He graduated with honors, received his master's degree and was working on his dissertation when he lost interest. In an effort to motivate him, his professor said to him, "If you submit your dissertation and are granted your PhD, I will personally buy you a Game Boy."

He was at the top of his game, competing in the Olympics and showing great promise. He was projected to win the gold medal when his coach called him in for a pep talk. "Win the gold for flag and country," said the coach, "and I'll give you a Hershey chocolate bar."

"Win the gold for flag and country, and I'll give you a Hershey chocolate bar..."Do these two scenarios strike you as curious? Of course! Does a professor think that an accomplished student of philosophy can be motivated by a child's toy? And the athlete who spends years training to reach the peak of his game: stretching and straining his muscles, devoting countless hours, suffering numerous injuries, all in his quest for ascendancy and fame. Will a simple chocolate bar even register as a motivating factor?

Material Blessings

If the very suggestion sounds absurd then I ask you to consider the following verses: "If you walk in my statutes and if you keep my commandments. Then I shall give you your rains... the lands shall yield her produce and the trees shall yield her fruit. And your threshing shall reach into your vintage... and you shall eat your bread till satisfaction and you shall live in your land safely."1

When compared to the spiritual rewards that G‑d's statutes offer, the material blessing promised in the verses above seem trivial. The Torah's statutes are channels of communication through which the mortal human connects to the divine. They are pathways of ascent through which we climb to celestial heights; they bathe us in an uplifting halo of heavenly light and envelop us in a sanctifying blanket of G‑dliness.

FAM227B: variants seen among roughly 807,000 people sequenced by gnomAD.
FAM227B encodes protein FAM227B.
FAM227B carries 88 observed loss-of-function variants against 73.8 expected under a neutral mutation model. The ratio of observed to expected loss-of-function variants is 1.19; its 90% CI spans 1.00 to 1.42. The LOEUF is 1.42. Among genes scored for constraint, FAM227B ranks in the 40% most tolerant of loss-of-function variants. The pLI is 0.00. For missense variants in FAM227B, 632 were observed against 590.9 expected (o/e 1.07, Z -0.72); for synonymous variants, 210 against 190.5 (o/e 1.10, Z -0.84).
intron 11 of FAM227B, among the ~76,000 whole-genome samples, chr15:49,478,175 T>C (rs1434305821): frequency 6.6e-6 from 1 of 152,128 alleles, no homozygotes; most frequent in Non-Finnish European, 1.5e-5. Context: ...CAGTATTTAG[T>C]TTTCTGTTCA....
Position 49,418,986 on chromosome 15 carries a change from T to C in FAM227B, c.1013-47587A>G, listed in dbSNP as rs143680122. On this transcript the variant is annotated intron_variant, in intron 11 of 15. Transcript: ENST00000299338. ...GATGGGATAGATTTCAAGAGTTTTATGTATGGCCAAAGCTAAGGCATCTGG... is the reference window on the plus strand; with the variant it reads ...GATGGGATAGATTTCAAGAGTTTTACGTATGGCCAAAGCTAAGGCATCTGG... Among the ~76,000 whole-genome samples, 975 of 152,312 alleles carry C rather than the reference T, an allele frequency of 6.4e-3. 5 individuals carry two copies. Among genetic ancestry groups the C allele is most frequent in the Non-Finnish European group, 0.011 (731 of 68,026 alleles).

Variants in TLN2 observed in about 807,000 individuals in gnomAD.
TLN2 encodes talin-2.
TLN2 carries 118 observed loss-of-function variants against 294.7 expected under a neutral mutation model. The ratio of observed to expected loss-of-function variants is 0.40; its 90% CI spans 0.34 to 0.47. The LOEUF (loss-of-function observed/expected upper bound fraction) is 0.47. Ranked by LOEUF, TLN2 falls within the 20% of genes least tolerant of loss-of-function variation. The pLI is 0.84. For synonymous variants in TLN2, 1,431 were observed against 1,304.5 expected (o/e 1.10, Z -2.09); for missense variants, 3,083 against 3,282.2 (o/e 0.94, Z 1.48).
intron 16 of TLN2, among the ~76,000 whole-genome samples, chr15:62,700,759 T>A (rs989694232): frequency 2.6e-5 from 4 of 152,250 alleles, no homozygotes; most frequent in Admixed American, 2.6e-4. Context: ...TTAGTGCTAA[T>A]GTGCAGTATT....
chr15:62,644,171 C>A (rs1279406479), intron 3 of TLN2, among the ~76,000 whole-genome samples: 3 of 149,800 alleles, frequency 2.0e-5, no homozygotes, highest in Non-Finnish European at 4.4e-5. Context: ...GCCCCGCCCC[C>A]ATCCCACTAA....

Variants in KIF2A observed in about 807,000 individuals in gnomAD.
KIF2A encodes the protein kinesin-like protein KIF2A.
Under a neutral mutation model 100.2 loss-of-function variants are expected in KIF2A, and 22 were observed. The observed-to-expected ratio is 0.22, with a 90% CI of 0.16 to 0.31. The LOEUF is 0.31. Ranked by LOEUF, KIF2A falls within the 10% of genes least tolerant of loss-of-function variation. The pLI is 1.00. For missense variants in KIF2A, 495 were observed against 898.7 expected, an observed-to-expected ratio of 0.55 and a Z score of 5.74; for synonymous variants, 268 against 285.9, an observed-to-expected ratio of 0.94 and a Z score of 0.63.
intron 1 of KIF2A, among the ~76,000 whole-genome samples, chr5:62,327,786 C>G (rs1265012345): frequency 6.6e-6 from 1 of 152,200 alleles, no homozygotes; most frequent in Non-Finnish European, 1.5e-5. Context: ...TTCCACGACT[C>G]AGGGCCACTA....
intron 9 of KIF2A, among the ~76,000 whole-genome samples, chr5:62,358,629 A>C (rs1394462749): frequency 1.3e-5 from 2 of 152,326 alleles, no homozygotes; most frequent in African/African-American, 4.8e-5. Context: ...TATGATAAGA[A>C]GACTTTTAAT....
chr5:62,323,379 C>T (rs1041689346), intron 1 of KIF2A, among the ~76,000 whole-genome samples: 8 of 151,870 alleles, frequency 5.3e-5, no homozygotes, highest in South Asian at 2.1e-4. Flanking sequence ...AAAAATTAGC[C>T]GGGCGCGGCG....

These celestial benefits are the greatest motivators. Is it not curious that the Torah employs promises that are trivial by comparison as motivation for the performance of the statutes?

The Ox and the Servant

Our sages taught that these material blessings are merely ancillary benefits, not the true reward for mitzvah observance. The true reward awaits us only in the world to come.2 These benefits have been compared by some to the Torah law, "You shall not muzzle an ox in its threshing."3

The ox is amply rewarded for its work. It is given a clean stall, fresh hay and all the grain it can eat. Must the master also allow the ox to eat the grain it threshes? Yes. Because forcing the ox to work with grain while preventing it from eating is cruel and therefore forbidden.

In the same vein, G‑d promises material blessing as the reward for performing His statutes here on earth. We will be amply rewarded in the world to come, but as long as we are at work here in this world, we are entitled to enjoy its material blessing.

As long as we serve G‑d, He is duty bound to provide a comfortable working environmentIn a similar vein, Maimonides has argued that as long as we serve G‑d,4 we deserve to be treated as servants. According to Torah law, a master is required to provide for his servants even better than he provides for himself. He must feed and clothe them and he must ensure their dignity at all times. He is also required to provide working conditions that are conducive to the work he expects from them.5